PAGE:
The term global risk is now defined as “the acceptance of a prepaid or periodic charge from or on behalf of enrollees in return for the assumption of both professional and institutional risk.” Institutional risk is newly defined as “the assumption of the cost for the provision of hospital inpatient, hospital outpatient, or hospital ancillary services” while professional risk is defined as “the assumption of the cost for the provision of physician, ancillary, or pharmacy services undertaken by physicians or other licensed or certified providers.” Important to any contractual analysis is the expanded definition of prepaid and period charge, which now means “any amount of compensation, either at the start or end of a predetermined period, for assuming the risk, or arranging for others to assume the risk, of delivering or arranging for the delivery of the contracted-for health care services… which may be fixed either in amount or percentage of savings or losses in which the entity shares.” Accordingly, any person assuming global risk must obtain a license pursuant to Health & Safety Code Section 1349.
The new rule offers two alternatives to full licensure; request an exemption or apply for a restricted license. 28 CCR Section 1300.49(b)2) and (b)(3) respectively.
Exemption Request Process: Pursuant to her inherent statutory authority, the DMHC Director may, through rulemaking or by Order, waive any provision of the KKA if she “finds the action in the public interest and not detrimental to” consumers [Health & Safety Code Section 1343(b)]. The new rule lays out those items that would need to be submitted with the exemption request along with broad factors to guide the Department in its review of each request.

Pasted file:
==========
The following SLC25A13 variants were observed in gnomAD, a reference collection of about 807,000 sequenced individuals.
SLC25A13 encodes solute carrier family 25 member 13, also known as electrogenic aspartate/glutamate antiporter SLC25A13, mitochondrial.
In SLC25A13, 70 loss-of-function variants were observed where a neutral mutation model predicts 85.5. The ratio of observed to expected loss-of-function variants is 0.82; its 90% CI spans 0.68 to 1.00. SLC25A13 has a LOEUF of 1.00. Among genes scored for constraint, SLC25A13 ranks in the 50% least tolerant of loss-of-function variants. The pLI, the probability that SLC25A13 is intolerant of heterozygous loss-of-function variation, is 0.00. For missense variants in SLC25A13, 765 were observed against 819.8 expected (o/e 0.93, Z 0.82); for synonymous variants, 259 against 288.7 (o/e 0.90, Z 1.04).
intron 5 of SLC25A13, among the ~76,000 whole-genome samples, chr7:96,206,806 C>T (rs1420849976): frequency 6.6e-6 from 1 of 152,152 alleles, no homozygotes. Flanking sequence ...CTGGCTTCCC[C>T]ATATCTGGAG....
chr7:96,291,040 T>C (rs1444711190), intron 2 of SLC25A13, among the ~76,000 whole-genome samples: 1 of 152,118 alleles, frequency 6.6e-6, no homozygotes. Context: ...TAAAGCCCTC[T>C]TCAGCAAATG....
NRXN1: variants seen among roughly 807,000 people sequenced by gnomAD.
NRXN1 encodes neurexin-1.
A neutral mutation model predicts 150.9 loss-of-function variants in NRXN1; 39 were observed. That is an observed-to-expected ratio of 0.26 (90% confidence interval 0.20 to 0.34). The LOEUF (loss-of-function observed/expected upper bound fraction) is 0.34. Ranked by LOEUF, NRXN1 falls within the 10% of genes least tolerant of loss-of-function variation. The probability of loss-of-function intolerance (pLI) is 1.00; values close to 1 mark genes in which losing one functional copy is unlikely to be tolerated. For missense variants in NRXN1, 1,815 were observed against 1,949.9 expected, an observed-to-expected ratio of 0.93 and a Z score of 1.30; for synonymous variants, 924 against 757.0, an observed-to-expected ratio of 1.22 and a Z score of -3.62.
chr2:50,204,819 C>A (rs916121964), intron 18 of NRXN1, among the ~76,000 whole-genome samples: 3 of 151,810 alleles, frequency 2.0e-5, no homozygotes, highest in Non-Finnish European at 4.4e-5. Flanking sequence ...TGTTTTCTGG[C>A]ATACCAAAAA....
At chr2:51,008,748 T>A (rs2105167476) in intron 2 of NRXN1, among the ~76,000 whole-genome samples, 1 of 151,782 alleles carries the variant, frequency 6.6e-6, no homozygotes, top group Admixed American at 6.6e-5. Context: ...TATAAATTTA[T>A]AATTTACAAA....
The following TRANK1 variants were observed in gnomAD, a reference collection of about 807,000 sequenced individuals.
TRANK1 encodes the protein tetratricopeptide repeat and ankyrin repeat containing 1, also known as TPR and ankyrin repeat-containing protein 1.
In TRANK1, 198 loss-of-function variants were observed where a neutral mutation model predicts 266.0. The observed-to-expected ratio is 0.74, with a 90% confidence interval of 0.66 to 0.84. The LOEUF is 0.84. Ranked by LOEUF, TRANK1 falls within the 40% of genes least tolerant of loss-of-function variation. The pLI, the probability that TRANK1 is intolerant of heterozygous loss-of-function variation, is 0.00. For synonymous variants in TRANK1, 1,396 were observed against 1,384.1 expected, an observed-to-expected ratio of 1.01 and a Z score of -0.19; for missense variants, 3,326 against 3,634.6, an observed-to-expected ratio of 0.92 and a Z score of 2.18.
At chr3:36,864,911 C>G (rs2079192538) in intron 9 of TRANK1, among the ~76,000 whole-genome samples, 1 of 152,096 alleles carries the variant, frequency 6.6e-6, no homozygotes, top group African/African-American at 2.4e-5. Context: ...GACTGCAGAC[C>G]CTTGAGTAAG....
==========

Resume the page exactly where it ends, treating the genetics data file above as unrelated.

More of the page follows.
Restricted License Application: For the first time, the DMHC formally recognized the category of restricted licensee [28 CCR Section 1300.49(c)]. Of note, the restricted license applicant must complete the existing application for licensure and shall include all exhibit types, along with a newly developed Restricted Health Care Service Plan Responsibility Statement describing how the parties share KKA obligations.
Right before the onslaught….
Likely in recognition of what was soon to come and in response to general concern and confusion in the market, DMHC issued an All Plan Letter (APL) providing additional guidance regarding the new rule. The APL clarifies that the new rule applies to “any contract entered into, amended, or renewed on or after July 1, 2019.” Further, the DMHC defines “entity” as referring to any person or organization that does not have a KKA license or is not licensed by the Department of Insurance; and assumes any amount of global risk on a prepaid or period basis including a payment at the end of a contract or term.